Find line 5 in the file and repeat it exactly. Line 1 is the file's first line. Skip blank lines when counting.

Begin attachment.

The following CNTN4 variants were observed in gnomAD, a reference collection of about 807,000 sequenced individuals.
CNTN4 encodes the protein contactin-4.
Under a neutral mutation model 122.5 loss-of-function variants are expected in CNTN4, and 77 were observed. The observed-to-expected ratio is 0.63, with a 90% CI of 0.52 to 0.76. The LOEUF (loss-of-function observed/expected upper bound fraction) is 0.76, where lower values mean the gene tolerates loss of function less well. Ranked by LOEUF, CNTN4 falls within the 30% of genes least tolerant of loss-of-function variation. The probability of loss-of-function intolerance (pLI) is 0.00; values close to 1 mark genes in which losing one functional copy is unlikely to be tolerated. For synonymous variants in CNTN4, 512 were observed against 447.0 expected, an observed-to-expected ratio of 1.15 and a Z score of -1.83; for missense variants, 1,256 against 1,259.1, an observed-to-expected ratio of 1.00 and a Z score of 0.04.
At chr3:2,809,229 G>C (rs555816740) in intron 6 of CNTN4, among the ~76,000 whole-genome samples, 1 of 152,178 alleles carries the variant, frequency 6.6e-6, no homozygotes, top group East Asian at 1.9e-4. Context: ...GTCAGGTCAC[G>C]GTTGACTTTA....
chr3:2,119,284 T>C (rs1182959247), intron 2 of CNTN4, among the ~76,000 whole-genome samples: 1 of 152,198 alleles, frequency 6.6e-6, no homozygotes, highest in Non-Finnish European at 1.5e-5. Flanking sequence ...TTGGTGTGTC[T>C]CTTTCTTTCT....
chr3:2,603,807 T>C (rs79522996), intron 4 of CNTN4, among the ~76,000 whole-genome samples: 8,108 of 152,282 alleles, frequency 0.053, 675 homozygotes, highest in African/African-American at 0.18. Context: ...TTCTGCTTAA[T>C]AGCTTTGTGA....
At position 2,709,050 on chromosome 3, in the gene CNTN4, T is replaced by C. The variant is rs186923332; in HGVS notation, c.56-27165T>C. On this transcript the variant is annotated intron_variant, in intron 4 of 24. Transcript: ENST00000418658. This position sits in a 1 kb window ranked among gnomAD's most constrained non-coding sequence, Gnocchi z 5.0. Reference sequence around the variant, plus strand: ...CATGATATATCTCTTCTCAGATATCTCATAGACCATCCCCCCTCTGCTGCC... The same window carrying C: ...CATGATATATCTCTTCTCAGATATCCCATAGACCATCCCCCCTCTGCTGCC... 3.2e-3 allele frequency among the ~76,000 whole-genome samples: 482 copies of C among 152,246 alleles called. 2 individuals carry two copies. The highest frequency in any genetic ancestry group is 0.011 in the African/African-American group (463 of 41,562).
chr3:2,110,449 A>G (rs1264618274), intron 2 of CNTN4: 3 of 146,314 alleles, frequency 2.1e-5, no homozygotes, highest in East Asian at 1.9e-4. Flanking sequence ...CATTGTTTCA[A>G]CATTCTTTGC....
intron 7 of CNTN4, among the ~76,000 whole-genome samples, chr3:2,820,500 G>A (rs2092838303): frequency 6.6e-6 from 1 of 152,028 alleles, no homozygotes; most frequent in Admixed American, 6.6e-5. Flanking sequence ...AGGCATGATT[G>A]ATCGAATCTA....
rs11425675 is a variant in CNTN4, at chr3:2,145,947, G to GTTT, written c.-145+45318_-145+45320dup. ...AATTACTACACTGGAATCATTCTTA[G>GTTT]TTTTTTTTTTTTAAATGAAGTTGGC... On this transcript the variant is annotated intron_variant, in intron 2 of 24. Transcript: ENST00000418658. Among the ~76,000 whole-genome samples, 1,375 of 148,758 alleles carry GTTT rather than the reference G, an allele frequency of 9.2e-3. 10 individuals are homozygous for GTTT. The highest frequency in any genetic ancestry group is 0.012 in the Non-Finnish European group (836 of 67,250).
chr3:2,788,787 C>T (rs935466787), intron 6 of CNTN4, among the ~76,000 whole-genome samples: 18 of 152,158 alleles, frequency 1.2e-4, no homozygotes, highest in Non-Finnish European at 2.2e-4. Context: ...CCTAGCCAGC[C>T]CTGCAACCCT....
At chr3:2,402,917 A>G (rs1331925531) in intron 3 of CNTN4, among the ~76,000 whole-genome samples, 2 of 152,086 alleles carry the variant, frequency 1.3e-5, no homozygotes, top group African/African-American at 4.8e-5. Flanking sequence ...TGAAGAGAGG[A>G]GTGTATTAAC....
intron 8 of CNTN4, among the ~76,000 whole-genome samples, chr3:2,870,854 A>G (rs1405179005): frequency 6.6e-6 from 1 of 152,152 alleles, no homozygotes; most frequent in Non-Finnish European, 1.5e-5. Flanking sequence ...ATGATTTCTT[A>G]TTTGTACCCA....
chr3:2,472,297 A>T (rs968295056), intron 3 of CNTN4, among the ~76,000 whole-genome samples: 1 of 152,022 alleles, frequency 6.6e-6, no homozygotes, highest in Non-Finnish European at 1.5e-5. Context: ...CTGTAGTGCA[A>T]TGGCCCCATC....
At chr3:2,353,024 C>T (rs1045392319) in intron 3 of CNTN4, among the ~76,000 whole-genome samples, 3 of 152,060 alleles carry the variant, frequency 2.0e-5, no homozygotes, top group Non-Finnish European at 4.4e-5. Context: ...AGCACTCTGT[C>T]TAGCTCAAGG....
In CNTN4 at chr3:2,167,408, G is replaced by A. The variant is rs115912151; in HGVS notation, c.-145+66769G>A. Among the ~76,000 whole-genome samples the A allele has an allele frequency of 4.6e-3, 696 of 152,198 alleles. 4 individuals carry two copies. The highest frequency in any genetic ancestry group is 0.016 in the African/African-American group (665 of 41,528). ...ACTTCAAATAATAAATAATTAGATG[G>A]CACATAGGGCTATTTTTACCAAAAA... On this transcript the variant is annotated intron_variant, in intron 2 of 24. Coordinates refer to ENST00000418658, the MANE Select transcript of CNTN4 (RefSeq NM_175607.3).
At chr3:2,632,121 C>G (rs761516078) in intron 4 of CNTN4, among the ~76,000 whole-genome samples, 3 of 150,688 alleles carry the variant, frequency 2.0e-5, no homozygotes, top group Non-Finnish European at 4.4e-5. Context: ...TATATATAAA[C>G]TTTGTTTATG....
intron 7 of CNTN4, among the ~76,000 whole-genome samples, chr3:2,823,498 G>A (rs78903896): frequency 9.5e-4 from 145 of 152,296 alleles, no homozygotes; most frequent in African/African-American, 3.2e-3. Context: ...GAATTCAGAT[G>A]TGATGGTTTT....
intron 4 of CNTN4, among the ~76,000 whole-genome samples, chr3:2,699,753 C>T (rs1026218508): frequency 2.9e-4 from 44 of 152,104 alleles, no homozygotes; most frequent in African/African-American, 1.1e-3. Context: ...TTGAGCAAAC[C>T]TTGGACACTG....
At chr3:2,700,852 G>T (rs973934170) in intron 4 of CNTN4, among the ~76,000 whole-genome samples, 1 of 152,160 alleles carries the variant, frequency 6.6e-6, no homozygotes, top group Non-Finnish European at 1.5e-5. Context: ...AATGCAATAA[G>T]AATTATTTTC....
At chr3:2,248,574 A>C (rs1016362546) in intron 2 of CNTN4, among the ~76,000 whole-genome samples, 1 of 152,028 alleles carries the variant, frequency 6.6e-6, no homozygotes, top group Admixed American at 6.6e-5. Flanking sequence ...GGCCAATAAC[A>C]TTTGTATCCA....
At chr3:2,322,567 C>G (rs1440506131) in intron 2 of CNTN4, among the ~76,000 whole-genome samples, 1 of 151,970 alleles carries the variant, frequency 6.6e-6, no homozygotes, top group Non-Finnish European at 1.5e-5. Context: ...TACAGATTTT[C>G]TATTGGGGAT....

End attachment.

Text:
chr3:2,119,284 T>C (rs1182959247), intron 2 of CNTN4, among the ~76,000 whole-genome samples: 1 of 152,198 alleles, frequency 6.6e-6, no homozygotes, highest in Non-Finnish European at 1.5e-5. Flanking sequence ...TTGGTGTGTC[T>C]CTTTCTTTCT....